[Source: US National Library of Medicine, full page: (LINK). Abstract, edited.]

Front Vet Sci. 2020 May 5;7:237. doi: 10.3389/fvets.2020.00237. eCollection 2020.

Detection of Low Pathogenic Avian Influenza Virus Subtype H10N7 in Poultry and Environmental Water Samples During a Clinical Outbreak in Commercial Free-Range Layers, Netherlands 2017

Evelien A Germeraad 1, Armin R W Elbers 2, Naomi D de Bruijn 3, Rene Heutink 1, Wendy van Voorst 1 3, Renate Hakze-van der Honing 1, Saskia A Bergervoet 1, Marc Y Engelsma 1, Wim H M van der Poel 1, Nancy Beerens 1

Affiliations: 1 Wageningen Bioveterinary Research, Department of Virology, Lelystad, Netherlands. 2 Wageningen Bioveterinary Research, Department of Bacteriology and Epidemiology, Lelystad, Netherlands. 3 Poultry Department, GD-Animal Health, Deventer, Netherlands.

PMID: 32478107 PMCID: PMC7232570 DOI: 10.3389/fvets.2020.00237 Free PMC article



Wild birds are the natural reservoir of the avian influenza virus (AIV) and may transmit AIV to poultry via direct contact or indirectly through the environment. In the Netherlands, a clinically suspected free-range layer flock was reported to the veterinary authorities by the farmer. Increased mortality, a decreased feed intake, and a drop in egg production were observed. Subsequently, an infection with low pathogenic avian influenza virus was detected. This study describes the diagnostic procedures used for detection and subtyping of the virus. In addition to routine diagnostics, the potential of two different environmental diagnostic methods was investigated for detecting AIV in surface water. AIV was first detected using rRT-PCR and isolated from tracheal and cloacal swabs collected from the hens. The virus was subtyped as H10N7. Antibodies against the virus were detected in 28 of the 31 sera tested. An intravenous pathogenicity index (IVPI) experiment was performed, but no clinical signs (IVPI = 0) were observed. Post-mortem examination and histology confirmed the AIV infection. Multiple water samples were collected longitudinally from the free-range area and waterway near the farm. Both environmental diagnostic methods allowed the detection of the H10N7 virus, demonstrating the potential of these methods in detection of AIV. The described methods could be a useful additional procedure for AIV surveillance in water-rich areas with large concentrations of wild birds or in areas around poultry farms. In addition, these methods could be used as a tool to test if the environment or free-range area is virus-free again, at the end of an AIV epidemic.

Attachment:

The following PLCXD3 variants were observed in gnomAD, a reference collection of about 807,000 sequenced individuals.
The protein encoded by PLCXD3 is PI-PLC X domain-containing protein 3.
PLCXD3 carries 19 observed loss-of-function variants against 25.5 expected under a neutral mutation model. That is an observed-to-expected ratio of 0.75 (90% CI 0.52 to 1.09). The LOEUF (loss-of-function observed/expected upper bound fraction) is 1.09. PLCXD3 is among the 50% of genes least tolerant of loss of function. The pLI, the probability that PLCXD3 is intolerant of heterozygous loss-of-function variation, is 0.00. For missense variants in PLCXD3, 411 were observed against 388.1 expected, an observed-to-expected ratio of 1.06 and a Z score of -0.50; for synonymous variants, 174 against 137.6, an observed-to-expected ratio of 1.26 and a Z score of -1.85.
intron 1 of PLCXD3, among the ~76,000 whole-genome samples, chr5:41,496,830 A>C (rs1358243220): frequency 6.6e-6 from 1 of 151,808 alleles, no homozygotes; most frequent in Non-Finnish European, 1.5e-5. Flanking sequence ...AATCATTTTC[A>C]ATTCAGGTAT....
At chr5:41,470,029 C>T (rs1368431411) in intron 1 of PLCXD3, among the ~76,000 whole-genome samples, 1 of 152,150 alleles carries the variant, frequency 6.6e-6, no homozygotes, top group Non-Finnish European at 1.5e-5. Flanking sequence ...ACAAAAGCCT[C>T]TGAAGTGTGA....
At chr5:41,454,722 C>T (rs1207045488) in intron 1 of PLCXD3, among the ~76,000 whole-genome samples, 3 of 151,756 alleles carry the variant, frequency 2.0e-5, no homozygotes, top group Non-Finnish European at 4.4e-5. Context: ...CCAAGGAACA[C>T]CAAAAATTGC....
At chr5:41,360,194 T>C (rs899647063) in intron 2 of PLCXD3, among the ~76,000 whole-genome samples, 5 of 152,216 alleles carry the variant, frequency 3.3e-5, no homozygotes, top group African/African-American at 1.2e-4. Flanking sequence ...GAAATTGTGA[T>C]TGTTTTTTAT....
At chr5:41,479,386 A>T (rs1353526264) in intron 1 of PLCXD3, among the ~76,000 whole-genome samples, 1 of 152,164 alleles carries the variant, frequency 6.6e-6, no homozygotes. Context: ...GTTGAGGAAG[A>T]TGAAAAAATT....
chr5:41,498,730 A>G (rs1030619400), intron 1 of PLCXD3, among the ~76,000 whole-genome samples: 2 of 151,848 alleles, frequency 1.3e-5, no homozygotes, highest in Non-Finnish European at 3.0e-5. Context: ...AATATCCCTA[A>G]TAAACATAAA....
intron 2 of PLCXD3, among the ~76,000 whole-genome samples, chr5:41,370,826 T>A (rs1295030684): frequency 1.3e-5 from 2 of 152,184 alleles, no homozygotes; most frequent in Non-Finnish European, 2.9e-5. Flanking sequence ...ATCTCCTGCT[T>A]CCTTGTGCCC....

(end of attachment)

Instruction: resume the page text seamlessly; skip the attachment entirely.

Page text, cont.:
Keywords: LPAIV; environmental sampling; outbreak; poultry; water.

Copyright © 2020 Germeraad, Elbers, de Bruijn, Heutink, van Voorst, Hakze-van der Honing, Bergervoet, Engelsma, van der Poel and Beerens.

Keywords: Avian Influenza; H10N7; Poultry; Wild Birds; Netherlands.